Dreadnought was the first modern battleship completed, but not the first designed. That honor went to a pair of American battleships, South Carolina and Michigan. Larger only than the Espana class dreadnoughts, Michigan minimally, if efficiently, fulfilled the requirements of a dreadnought battleship. Congress limited the size of Michigan to more or less the same as that of the Connecticut class pre-dreadnought battleships, about 16000 tons, or 2500 tons smaller than Dreadnought. Onto that small frame the architects managed to pack 8 12″ guns in four twin turrets. The most advanced element of the design was turret distribution. While most other navies played with wing turrents (gun turrets set off the center line, and thus incapable of firing a broadside in either direction), Michigan was built with superfiring turrets, where the second turret on each side of the ship was elevated above the first. This allowed all of the guns to fire in a broadside in either direction. This arrangement was maintained in the rest of the US battleship fleet, and eventually spread to the rest of the world’s navies.

Unfortunately, because of her small size Michigan lacked the machinery to make more than 18 knots. Dreadnought, on the other hand, could make 21 knots. The next class of American battleships (and all that followed them) could also make 21 knots, which had the effect of rendering South Carolina and Michigan obsolete shortly after their completion. Unable to keep up with the main US battle squadron, Michigan would best have been employed as reinforcement for a squadron of pre-dreadnoughts. In any case, Michigan never saw combat outside of the action off Vera Cruz in 1914, when Woodrow Wilson unleashed most of the firepower of the US Navy against a small Mexican city. Michigan was taken out of service shortly after World War I, and was scrapped as per the 1922 Washington Naval Treaty.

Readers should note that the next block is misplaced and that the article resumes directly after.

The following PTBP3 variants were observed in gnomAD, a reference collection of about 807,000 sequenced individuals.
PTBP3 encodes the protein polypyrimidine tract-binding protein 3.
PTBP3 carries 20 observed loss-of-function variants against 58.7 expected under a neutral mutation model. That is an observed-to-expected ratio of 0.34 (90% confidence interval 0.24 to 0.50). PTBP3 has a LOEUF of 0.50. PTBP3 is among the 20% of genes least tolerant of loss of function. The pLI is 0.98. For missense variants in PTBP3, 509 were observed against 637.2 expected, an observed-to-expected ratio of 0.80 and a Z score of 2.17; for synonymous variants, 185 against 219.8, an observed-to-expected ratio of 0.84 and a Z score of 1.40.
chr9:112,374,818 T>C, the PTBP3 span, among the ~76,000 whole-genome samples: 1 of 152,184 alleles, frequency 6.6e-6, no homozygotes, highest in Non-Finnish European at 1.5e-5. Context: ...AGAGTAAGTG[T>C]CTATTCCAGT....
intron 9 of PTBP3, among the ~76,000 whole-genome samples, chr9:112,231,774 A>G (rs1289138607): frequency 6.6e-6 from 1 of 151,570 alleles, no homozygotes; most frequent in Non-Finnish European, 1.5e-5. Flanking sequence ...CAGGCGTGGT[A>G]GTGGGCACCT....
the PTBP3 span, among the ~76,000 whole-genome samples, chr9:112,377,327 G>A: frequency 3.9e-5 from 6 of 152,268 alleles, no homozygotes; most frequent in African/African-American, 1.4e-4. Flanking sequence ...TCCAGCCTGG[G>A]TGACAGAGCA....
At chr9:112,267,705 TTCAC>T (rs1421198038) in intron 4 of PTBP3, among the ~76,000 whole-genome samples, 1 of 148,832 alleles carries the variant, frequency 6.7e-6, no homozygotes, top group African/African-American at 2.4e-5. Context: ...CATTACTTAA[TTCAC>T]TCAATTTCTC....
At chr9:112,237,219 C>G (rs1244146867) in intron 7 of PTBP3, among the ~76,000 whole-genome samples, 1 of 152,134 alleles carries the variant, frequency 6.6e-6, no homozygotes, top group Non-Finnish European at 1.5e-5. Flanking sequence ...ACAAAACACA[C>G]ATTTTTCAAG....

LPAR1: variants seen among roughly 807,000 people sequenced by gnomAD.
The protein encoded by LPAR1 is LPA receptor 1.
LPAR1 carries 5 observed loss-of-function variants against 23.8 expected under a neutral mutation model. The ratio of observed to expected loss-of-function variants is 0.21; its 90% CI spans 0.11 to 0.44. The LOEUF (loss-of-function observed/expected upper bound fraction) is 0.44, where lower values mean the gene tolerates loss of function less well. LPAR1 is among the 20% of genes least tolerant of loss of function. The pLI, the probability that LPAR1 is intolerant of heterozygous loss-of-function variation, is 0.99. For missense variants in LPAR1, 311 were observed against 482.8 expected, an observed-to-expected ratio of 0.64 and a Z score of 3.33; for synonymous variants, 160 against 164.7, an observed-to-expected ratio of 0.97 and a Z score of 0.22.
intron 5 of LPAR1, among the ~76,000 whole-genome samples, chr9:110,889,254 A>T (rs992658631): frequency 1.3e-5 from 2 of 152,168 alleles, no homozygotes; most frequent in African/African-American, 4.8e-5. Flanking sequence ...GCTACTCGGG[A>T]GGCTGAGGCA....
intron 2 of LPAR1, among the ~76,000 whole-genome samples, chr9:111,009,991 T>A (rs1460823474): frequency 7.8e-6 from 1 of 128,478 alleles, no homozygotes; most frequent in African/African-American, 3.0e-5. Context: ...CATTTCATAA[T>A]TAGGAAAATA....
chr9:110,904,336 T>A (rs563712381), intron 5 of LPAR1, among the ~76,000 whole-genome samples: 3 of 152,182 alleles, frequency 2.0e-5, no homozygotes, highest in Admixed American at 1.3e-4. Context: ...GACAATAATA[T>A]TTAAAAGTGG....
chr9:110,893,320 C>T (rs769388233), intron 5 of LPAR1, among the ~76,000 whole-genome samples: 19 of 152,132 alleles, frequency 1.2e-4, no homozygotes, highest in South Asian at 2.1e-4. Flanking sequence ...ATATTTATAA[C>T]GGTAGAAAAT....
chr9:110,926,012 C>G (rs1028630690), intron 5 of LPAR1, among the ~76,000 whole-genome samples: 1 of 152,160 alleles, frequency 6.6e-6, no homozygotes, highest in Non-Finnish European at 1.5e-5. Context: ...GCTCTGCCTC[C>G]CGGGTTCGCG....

Michigan and South Carolina were also notable for being the first US battleships constructed with cage masts. Earlier US ships had been built with more conventional masts, although by 1910 most had been refitted with cage masts. Cage masts distinguished American ships from those of any other navy in the world. They were extremely fire resistant (shells simply passed through them), but tended to restrict angles of fire for anti-aircraft guns, although this was not an important consideration in 1908. Every battleship up until West Virginia (completed in 1922) carried cage masts. The experience of Michigan also, indirectly, helped lead to the end of the cage mast era. In 1918, gale force winds bent the forward mast of Michigan all the way down to the deck. US battleships modernized during the interwar period lost their cage masts, although four of the ships at Pearl Harbor (California, Tennessee, Maryland, and West Virginia) still had theirs on the day of the attack. Two ships (Maryland and Colorado) would retain their cage masts all the way until their disposal dates in 1959.